Will this week's earnings reports confirm that the economy is improving? Jim Iuorio and Rich Ilczyszyn discuss with Jackie DeAngelis.» Read More
With their victory last night, the Pittsburgh Steelers won a record sixth Super Bowl title, surpassing the five championships won by each the San Francisco 49ers and the Dallas Cowboys. While no team has won four Super Bowls, five teams (the Raiders, Redskins, Packers, Patriots, and Giants) have also won three championships apiece. Is this a good sign for the markets?
It's Groundhog Day, the day meteorologists turn to these furry little prognosticators to determine whether Spring will come early or we will have another 6 weeks of Winter.
While investors hoped that a new year would bring better results, a plethora of downbeat earnings reports, poor corporate outlooks, gloomy economic data, and heightened concerns over the health of many large financial firms plagued the markets in January.
The Dow Jones Industrial Average won’t find a secure base until it sheds another 1,000 points, which it could do before March, but that will signal the capitulation is over, Alpesh Patel, principal from Praefinium Group, told CNBC.
"As goes January, so goes the year" is a common adage on the street. If that is the case, we are in for a tough rest of the year for the markets.
On a week dominated by earnings, the economic stimulus plan and discussions over a government-run "bad bank," the major US markets were flat to negative on the week. The Dow and S&P 500 marked their worst January on record, each dropping over 8% for the month.
Last year, I pointed out that the market historically has outperformed when an original NFL team wins the Super Bowl and lags when an original AFL team wins. This year is special then. Both the Cardinals and the Steelers were members of the original NFL before the merger with the AFL in 1970. So either way, an original NFL team will win this year. Of course the NY Giants upset of New England last year did not translate well for the markets...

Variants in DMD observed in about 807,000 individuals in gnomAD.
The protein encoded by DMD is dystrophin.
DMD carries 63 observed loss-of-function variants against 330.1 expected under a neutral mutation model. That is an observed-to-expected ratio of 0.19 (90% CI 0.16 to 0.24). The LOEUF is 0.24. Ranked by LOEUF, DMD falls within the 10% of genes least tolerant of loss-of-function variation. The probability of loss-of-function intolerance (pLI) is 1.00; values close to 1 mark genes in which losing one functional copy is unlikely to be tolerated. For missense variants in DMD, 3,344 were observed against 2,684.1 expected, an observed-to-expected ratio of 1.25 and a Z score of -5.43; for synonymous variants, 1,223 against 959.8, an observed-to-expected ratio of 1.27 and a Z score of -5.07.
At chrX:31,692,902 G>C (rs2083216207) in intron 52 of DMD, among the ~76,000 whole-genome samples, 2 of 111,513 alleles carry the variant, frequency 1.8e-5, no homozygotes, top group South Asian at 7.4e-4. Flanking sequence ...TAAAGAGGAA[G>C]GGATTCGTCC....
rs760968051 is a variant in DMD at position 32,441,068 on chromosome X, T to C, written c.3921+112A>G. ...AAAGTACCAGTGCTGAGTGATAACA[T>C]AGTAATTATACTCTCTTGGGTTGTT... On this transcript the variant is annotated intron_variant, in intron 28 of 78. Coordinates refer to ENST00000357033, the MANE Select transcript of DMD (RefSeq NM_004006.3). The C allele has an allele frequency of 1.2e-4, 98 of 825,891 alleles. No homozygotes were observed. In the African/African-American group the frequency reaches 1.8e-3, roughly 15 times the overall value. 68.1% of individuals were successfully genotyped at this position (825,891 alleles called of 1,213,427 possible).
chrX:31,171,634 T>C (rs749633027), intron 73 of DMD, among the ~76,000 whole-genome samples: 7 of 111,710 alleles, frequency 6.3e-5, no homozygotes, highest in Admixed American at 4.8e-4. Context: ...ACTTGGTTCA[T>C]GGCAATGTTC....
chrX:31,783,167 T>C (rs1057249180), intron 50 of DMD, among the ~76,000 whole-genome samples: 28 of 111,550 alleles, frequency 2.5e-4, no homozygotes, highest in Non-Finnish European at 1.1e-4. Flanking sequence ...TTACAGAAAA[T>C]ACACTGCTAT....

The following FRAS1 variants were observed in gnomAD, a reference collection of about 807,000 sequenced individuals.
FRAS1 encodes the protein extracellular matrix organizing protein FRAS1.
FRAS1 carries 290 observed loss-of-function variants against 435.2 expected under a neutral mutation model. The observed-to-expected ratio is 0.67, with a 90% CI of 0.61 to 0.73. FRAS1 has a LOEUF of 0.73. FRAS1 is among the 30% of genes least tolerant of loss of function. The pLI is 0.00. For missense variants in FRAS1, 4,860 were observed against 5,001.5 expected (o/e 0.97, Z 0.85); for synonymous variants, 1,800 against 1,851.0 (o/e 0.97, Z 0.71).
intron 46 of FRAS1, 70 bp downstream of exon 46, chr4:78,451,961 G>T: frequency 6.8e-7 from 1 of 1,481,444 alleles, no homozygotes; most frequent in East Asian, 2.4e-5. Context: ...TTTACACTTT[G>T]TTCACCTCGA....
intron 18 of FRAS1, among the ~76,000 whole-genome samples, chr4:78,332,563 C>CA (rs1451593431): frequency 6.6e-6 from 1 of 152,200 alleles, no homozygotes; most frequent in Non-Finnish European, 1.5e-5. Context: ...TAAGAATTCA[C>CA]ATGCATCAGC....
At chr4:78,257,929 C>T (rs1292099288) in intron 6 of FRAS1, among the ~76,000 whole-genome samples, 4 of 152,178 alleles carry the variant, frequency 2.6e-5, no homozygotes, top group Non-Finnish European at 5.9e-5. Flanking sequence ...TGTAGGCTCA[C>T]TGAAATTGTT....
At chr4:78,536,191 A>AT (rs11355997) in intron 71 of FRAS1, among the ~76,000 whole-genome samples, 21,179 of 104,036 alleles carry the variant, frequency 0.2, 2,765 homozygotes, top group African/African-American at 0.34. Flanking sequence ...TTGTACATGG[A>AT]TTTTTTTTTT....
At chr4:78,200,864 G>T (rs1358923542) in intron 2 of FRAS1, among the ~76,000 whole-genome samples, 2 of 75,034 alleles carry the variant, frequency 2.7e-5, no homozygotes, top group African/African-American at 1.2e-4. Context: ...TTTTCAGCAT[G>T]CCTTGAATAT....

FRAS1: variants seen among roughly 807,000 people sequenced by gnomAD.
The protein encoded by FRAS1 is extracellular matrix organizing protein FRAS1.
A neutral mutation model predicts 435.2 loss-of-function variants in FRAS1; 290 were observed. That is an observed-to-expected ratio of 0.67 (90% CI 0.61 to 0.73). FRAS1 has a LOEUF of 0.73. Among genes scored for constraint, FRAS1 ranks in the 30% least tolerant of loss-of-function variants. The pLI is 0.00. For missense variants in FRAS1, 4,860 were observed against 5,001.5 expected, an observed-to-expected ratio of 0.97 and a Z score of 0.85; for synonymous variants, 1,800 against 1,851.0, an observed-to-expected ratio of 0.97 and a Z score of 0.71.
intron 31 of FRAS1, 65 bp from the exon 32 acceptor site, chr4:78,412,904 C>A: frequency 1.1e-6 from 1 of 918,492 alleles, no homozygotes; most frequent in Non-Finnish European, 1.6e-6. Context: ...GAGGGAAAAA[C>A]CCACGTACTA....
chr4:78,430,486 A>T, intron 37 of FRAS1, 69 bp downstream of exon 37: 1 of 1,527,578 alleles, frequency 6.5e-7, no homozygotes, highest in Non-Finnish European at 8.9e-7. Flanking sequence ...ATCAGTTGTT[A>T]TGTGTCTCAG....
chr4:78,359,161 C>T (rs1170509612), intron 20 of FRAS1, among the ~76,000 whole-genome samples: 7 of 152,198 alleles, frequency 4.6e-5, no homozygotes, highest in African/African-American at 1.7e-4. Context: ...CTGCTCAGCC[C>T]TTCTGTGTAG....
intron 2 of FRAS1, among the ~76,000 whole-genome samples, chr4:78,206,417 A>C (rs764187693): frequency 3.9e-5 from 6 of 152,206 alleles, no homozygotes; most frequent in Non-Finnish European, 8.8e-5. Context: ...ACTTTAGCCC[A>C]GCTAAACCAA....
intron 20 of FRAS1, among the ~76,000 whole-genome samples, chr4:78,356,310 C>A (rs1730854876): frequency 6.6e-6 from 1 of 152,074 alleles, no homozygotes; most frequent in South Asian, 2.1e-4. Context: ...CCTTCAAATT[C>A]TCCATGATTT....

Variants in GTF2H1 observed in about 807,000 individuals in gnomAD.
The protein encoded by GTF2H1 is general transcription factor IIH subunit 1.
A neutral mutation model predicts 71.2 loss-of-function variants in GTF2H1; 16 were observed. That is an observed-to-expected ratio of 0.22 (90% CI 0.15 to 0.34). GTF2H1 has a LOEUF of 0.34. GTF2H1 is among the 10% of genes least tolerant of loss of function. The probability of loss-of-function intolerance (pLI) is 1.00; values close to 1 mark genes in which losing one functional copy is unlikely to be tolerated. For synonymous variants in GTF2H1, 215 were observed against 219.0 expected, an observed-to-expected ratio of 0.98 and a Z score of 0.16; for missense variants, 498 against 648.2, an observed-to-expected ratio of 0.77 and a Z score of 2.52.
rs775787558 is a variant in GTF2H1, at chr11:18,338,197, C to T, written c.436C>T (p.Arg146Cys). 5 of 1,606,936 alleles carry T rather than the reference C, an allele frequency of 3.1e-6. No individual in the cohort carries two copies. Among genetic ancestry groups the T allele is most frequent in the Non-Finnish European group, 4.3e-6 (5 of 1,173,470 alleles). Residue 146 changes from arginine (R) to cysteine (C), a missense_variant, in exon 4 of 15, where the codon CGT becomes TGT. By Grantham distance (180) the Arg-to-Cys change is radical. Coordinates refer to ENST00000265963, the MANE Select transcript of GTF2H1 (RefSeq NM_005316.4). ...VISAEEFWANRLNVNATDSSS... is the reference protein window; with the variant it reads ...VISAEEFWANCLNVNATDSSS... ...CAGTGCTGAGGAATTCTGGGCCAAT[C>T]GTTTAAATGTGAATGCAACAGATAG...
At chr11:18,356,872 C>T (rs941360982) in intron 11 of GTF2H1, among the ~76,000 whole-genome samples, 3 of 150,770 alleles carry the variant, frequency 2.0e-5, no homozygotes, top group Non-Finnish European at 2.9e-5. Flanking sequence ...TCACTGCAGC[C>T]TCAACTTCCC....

Following a Historic-Presidential Inauguration, marked by heighten volatility in the markets, all major US indices finish the week in negative territory.
Happy Birthday By The Numbers! Today is the first anniversary of the launch of By The Numbers. We debuted in January 2008 as a top ten CNBC.com blog, and shortly after, were awarded an internal recognition as the "Fastest Growing Blog."
The battered stock market is due for a “flash-fire” rally which could match the stellar recovery-run put in place after the crash of 1987 finally bottomed, Bill Spiropoulos, market strategist from CoreStates Capital Advisors, told CNBC.
Stocks clawed their way back from a midday rout as banks surged and investors relaxed after the Treasury Secretary nomination hearing ended.
Stocks clawed their way back after paring earlier gains amid worries about the confirmation hearing of the Treasury Secretary nominee.
Stocks opened higher Wednesday as investors hope President Barack Obama's economic team will bring clarity to the markets.
U.S. stock index futures pointed to a higher open for Wall Street Wednesday as investors hope President Barack Obama's economic team will bring clarity to the markets.
The Dow Jones Industrial Average could sink towards 7,500 points if it doesn’t start to rise very quickly, Sandy Jadeja, chief market strategist at ODL Securities, told CNBC.
Stocks ended a dismal week on an up note as investors took some defensive positions in stocks like McDonald's amid nagging worries about the health of banks.
On Friday, the US markets managed to close in positive territory for the day, however, they turned in their second-down-week in a row losing almost 3% or greater across the board, led by the S&P 500 Index.
Stocks were back up in a yo-yo session as investors took some defensive positions in stocks like McDonald's amid nagging worries about the health of banks.
The Dow could reach 12,000 by March as “gloom and doom” creeps out of the market, Ben Lichtenstein, President of Tradersaudio.com, said on Squawk Box.
Futures rallied on the back of the Bank of America bailout Friday, with investors hoping the government will do all in its power to save big institutions from collapsing.